And there is no guarantee of how many shows there will be in a month.Calcutta is especially difficult. “Fashion has its high and low seasons. December sees many shows, but months like March are a lean period,” Jessica adds. “Then it’s my tuition money that keeps me going.”
Model-actress Bindu says: “Now that the Pujas are around, I might even get nine assignments a month, but in a lean month there might be just one or two.” But she adds it’s not so much the quantity as the quality of work that is lacking in the city. “There are small shows happening all the time. There are shoots where the model has to take her own clothes. But beyond a point, a good model will not want to be a part of such a show or a shoot,” says Bindu, who is more into print ads.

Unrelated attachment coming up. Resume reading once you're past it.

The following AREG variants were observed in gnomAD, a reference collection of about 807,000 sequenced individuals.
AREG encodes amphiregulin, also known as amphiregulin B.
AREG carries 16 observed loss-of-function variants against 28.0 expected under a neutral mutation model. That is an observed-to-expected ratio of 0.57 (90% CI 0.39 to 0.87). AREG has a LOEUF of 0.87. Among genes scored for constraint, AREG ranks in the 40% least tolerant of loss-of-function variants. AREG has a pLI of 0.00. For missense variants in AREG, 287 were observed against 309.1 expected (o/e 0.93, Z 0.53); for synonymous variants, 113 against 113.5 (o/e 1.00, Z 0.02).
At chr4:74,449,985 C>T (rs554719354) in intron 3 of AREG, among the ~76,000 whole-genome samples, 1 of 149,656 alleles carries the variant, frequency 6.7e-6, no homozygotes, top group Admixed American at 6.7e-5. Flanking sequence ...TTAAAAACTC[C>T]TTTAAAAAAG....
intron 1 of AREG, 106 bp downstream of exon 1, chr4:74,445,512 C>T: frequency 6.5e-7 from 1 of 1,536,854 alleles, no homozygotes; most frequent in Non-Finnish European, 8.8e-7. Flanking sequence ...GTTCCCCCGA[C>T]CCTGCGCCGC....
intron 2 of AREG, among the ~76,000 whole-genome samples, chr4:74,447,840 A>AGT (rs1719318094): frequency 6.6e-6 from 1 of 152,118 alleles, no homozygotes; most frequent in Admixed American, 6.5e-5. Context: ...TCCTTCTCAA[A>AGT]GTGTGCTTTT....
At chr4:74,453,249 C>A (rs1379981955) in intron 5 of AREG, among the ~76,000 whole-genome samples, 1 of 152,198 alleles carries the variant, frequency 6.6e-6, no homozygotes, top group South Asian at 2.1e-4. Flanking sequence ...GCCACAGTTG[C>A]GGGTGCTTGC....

She is very clear, however, that modelling is just a stepping-stone to acting. She has played the lead in the ETV mega-serial Meghbalika (now off air) and has bagged a Ravi Ojha serial in Calcutta. “It’s easier to find a toe-hold in modelling, and it gives you the much-needed visibility, so important for an acting career,” she says.
Lack of quality work leads to lack of money. A top model in Calcutta may earn between Rs 6,000 to Rs 8,000 for a show. For newcomers it can be as little as Rs 800 — or even less. “In Calcutta, organisers do not care about the quality and talent of the models. They just want a girl who can walk the ramp in skimpy clothes,” says Bidita, a model. She gives herself another 10 years of modelling, but is also studying for her MA. “I sing and paint. Some day, I would like to hold an exhibition of my paintings,” she says.
The veterans agree that the steady stream of would-be models — as glamour gains acceptance as a profession, their number keeps increasing — has a negative impact on the industry, because of the low rates the newcomers would settle for. “The organisers will get any newcomer who will agree to little money,” says Bidita.